Repatriation – Atlantic Storm Wed, 22 Sep 2021 05:22:00 +0000 en-US hourly 1 Repatriation – Atlantic Storm 32 32 Duterte renews his call to end the Kafala system Wed, 22 Sep 2021 05:22:00 +0000

President Rodrigo Duterte (Presidential photo)

MANILA – President Rodrigo Duterte on Wednesday denounced the persistence of the controversial Kafala program which monitors and restricts the movements of migrant workers.

In his recorded speech to the 76th session of the United Nations General Assembly, Duterte renewed his call for the complete abrogation of the Kafala in the Middle East.

“The Kafala system is one of those behemoths that chains the weak, the hopeless and the voiceless to the existence of unimaginable suffering. Nothing can justify the continued existence of this unjust system, ”said Duterte.

Duterte said any project that paves the way for the “exploitation and oppression” of migrant workers must be dismantled.

Duterte made the appeal, as he acknowledged that millions of Filipinos are working abroad “under the most difficult and inhumane circumstances”.

“The Philippines is seeking stronger partnerships to protect the rights of Filipinos and realize the full potential of our nation,” he said. “While reforms have been made, the Kafala system must be dismantled – as soon as possible – in the name of basic justice and decency.”

In April this year, Duterte called for the “complete” abolition of the “unjust” and “exploitative” Kafala system in order to end the inequalities and suffering of migrant workers.

Duterte, in his sixth and final State of the Nation address on July 26, threatened to order the repatriation of Filipino workers abroad from Arab countries, if the controversial Kafala project is not dismantled.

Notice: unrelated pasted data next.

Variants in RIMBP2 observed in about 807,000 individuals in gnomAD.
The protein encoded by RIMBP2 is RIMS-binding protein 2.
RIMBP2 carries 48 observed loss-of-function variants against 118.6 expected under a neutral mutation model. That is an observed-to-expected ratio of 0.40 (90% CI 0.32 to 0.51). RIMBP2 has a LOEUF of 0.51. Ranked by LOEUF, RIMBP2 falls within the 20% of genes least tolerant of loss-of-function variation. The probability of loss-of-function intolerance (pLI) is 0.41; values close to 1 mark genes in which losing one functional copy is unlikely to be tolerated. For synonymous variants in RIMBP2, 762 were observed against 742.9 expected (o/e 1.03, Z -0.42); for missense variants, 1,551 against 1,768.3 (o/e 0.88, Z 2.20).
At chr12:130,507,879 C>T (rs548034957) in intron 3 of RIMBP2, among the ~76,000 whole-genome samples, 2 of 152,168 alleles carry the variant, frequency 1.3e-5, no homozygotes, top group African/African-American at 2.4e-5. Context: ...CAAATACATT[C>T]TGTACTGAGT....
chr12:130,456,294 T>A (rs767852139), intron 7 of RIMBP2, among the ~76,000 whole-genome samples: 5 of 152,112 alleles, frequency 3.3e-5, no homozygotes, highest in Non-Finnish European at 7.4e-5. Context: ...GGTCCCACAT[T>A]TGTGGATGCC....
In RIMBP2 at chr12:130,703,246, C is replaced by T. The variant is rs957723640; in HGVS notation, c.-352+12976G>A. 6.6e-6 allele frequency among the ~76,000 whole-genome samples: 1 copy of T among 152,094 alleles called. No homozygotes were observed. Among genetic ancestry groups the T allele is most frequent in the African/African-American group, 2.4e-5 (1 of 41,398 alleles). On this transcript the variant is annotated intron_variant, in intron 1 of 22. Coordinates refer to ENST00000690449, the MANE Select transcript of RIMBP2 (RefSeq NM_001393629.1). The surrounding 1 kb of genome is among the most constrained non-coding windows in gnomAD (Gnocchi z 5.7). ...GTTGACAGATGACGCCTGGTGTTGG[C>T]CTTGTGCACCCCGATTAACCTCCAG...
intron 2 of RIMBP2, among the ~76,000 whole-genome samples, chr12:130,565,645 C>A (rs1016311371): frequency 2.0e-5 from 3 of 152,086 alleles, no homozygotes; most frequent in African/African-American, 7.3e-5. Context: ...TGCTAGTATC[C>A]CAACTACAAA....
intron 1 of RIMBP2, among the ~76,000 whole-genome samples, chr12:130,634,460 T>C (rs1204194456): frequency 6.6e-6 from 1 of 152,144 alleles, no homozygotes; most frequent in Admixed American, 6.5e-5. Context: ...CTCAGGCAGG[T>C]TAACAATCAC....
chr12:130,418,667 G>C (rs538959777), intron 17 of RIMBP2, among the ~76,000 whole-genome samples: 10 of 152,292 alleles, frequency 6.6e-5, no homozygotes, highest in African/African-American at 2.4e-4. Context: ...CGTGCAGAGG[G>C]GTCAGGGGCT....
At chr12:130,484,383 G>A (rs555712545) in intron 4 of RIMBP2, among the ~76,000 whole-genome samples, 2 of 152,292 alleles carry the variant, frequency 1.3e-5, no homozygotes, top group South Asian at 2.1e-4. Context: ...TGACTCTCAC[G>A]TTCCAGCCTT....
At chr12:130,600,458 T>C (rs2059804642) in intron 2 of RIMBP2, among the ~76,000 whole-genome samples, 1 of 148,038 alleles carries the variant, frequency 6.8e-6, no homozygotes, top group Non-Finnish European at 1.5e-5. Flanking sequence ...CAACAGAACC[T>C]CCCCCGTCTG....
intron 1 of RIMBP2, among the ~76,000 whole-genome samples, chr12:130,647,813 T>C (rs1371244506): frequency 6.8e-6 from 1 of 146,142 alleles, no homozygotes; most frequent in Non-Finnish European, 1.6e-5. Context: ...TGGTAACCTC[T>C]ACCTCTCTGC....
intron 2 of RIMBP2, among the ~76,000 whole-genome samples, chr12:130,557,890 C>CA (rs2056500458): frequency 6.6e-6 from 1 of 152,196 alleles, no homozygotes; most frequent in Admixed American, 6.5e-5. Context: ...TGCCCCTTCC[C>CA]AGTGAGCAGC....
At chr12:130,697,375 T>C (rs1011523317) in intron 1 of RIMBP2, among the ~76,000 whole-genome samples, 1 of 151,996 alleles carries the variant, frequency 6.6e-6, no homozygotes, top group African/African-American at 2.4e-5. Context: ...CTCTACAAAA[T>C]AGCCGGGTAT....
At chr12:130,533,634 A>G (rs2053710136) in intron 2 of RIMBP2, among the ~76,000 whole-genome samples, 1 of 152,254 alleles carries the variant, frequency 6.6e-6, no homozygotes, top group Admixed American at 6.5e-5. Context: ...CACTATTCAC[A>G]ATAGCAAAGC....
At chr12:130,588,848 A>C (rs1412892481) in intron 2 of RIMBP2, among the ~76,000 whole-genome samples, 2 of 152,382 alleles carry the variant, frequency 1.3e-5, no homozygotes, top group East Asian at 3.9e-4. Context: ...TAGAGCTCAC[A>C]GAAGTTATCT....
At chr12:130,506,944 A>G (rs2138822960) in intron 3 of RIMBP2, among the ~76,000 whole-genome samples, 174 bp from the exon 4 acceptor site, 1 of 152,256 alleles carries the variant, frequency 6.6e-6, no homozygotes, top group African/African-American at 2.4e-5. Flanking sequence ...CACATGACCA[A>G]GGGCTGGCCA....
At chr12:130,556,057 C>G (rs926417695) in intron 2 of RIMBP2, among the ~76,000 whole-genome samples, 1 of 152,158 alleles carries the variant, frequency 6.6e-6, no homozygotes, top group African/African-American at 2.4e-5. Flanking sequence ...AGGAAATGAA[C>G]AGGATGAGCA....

Kafala comes from the Arabic word which means “sponsorship”.

The Kafala system is a mechanism in the Gulf countries used to monitor migrant workers, usually unskilled workers through a sponsor, including household service workers, construction workers and workers in the sector. services.

Under the program, the sponsor is usually the employer who is responsible for the immigration status and visa of the migrant worker. The worker cannot leave without the consent of his employer, which makes him vulnerable to abuse.

On April 23, Under Secretary of State for Foreign Affairs Robert Borje said Duterte was working “quietly” with Middle Eastern heads of state to end the Kafala system. (ANP)

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Haiti Del Rio crisis and lack of power in Afghanistan raise security concerns Tue, 21 Sep 2021 16:57:37 +0000

As the United States faces a growing threat posed by domestic extremists, national security officials on Tuesday expressed deep concern over the potential re-establishment of Al Qaeda and an ISIS-K more terrorist group. powerful to launch attacks from Afghanistan after the chaotic exit of US military forces.

Director of the National Counterterrorism Center, Christine Abizaid, told a Senate panel that evolving threats from Afghanistan are the centre’s “top priority” as terrorist groups attempt to fill the gap. the emptiness of the American withdrawal.

Abizaid joined FBI Director Christopher Wray and Homeland Security Secretary Alejandro Mayorkas before the Senate Homeland Security Committee where they were closely questioned about the potential risk posed by Taliban-ruled Afghanistan.

Following:The Biden and Trump administrations did not miss the ISIS-K threat – they ignored it, experts say

Following:Biden Defends US Exit, Says He Could Not Extend ‘Eternal War’

“We are concerned about what the future holds,” Wray told lawmakers.

At the same time, Wray said the FBI has been tracking a steady increase in domestic terrorism investigations since 2020, when those investigations have increased from around 1,000 to 2,700 currently. The numbers are driven largely by extremists motivated by racial, ethnic, political and anti-government grievances.

But Wray feared that other local actors were increasingly radicalized by foreign terrorists, including those who settle in Afghanistan.

“It’s intimidating,” said Senator Mitt Romney, R-Utah.

Mayorkas under fire from influx of Haitian migrants in Del Rio

Hearing became difficult at times, as Republican members also hammered Mayorkas over the influx of Haitian migrants to the Texas border.

Mayorkas called the gathering of migrants under the international bridge a “human tragedy” which was “extraordinarily difficult to see”.

The secretary said authorities had reduced the number from 15,000 to just under 10,000 by increasing repatriation flights to Haiti and moving others to treatment centers at other locations on the border, describing the wave as “unprecedented”, in number and concentration at a border post.